In this eight-week module, students will learn about poetry and poets through close reading and writing to learn. Throughout the module, they will determine the characteristics of poetry and consider what inspires writers and poets. Students begin in Unit 1 by reading the first half of the novel Love That Dog by Sharon Creech. Students follow the main character, Jack, as he learns about poetry and begins to write his own. Students closely read and analyze poems Jack reads, including “The Red Wheelbarrow” by William Carlos Williams and “Stopping by Woods on a Snowing Evening” by Robert Frost. Throughout this unit, students track what Jack is learning about poetry alongside their own learning though these close readings. They also experiment with writing their own poetry inspired by their reading. Students practice summarizing the events in the novel and discuss how the main character’s attitude toward poetry begins to change in this half of the novel. In Unit 2, students engage in deeper analysis of Jack’s character and his inspiration through extended discussion prompts. They also learn to write informational paragraphs in order to summarize larger portions of the text. For the mid-unit 2 assessment, they write a summary of the entire novel.
In this second module, students read and analyze Shakespeare’s A Midsummer Night’s Dream. As with any of Shakespeare’s play, many rich themes are present; in this module, students will focus primarily on the theme of control. Characters in this play are controlled by emotions, other characters, and even magic. They often attempt to manipulate others in a variety of ways. Students will examine why the characters seek control, how they try to control others, and the results of attempting to control others. In Unit 1, students will build background knowledge as they explore the appeal and authorship of Shakespeare. Students will read much of the play aloud in a Drama Circle, and will frequently reread key passages to deepen their understanding. Students will analyze differences between a film version of the play and Shakespeare’s original script.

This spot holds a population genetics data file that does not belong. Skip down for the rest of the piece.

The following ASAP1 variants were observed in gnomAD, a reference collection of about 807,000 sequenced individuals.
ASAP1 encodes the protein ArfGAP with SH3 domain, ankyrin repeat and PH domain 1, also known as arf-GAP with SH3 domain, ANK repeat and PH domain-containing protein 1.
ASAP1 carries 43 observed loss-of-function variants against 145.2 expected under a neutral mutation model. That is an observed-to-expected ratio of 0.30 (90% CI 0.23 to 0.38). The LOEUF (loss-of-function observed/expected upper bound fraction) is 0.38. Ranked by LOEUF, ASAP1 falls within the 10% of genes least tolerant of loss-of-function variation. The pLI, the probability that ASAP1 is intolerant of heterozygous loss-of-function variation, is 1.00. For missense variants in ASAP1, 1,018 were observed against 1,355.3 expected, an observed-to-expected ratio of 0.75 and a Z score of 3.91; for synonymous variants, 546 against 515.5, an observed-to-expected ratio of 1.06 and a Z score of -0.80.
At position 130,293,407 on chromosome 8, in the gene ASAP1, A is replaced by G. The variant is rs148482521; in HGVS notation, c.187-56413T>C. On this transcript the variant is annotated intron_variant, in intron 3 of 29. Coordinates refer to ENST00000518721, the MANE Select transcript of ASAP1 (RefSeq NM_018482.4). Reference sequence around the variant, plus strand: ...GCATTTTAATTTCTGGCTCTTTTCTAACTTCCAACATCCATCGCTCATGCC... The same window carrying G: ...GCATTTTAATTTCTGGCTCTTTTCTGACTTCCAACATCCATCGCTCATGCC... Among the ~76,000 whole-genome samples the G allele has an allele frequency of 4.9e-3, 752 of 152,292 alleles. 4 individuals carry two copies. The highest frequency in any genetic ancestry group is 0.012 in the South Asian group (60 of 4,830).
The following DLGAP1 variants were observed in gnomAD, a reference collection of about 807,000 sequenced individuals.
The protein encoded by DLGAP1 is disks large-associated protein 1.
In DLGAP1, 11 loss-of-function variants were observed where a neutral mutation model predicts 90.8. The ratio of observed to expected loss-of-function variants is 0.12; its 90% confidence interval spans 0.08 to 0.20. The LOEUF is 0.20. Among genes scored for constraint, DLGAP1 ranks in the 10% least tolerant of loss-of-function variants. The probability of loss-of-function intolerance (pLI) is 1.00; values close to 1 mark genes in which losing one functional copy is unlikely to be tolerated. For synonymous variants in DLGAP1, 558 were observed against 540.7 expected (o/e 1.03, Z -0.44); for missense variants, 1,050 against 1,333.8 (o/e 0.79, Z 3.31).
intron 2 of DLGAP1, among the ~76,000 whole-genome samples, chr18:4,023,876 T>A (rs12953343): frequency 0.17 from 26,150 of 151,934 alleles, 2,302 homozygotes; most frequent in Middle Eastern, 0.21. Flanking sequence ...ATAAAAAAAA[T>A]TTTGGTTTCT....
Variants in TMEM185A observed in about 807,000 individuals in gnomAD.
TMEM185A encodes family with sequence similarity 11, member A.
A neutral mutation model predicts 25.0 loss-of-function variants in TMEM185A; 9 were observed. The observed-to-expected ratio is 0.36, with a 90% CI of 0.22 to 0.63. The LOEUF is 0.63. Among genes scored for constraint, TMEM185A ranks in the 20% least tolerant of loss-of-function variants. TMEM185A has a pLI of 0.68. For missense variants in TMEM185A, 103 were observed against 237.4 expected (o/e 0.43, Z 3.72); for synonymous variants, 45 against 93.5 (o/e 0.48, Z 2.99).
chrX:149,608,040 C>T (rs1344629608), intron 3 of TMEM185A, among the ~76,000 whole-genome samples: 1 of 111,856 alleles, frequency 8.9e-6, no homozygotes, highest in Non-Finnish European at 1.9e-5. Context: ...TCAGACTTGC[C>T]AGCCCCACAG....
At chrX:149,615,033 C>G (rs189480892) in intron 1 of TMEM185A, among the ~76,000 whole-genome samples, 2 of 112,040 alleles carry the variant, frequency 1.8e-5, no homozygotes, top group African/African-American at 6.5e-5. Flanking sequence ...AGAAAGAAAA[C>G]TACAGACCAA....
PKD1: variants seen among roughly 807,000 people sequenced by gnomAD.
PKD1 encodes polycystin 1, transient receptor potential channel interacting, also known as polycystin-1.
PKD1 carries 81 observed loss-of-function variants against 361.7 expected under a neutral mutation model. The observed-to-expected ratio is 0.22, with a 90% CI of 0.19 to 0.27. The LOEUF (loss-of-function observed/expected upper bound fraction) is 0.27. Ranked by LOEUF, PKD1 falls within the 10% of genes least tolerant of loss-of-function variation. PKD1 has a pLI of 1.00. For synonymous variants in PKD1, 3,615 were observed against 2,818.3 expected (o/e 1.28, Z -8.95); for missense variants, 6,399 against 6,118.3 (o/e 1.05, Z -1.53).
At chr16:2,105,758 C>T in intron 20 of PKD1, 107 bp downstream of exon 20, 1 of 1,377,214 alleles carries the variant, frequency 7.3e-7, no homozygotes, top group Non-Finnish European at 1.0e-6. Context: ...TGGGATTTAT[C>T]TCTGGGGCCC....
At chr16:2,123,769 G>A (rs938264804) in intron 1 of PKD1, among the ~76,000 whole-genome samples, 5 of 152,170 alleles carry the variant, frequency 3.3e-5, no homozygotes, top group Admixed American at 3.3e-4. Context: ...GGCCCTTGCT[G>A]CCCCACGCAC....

In this module, students will read, discuss, and analyze contemporary and classic texts, focusing on how complex characters develop through interactions with one another and how authors structure text to accomplish that development. There will be a strong emphasis on reading closely and responding to text dependent questions, annotating text, and developing academic vocabulary in context.
Students explore the theme of conflict in literature. They learn the difference between internal and external conflict and various types of conflicts, including self against self, self against other, and self against nature or machine. Stories are used to discuss methods of managing and resolving conflict and interpersonal friction. Note: The literacy activities for the Mechanics unit are based on physical themes that have broad application to our experience in the world â concepts of rhythm, balance, spin, gravity, levity, inertia, momentum, friction, stress and tension.
Assignments that compliment the work in the textbook.
This seventh grade annotated inquiry provides students with an opportunity to explore how words affect public opinion through an examination of Harriet Beecher Stowe’s novel Uncle Tom’s Cabin. Students will investigate historical sources related to the novel and reactions in the North and South in order to address the compelling question, “Can words lead to war?” This query takes advantage of the mixed messages students often receive about the power of words. Students’ understanding about how words can make a difference is often grounded in discussions of words used to bully, instead of the power of words to encourage reform. This is an ANNOTATED inquiry with additional information on the questions, tasks, and sources within.
A textbook teaching reading, writing, critical thinking, and research skills through a study of literature.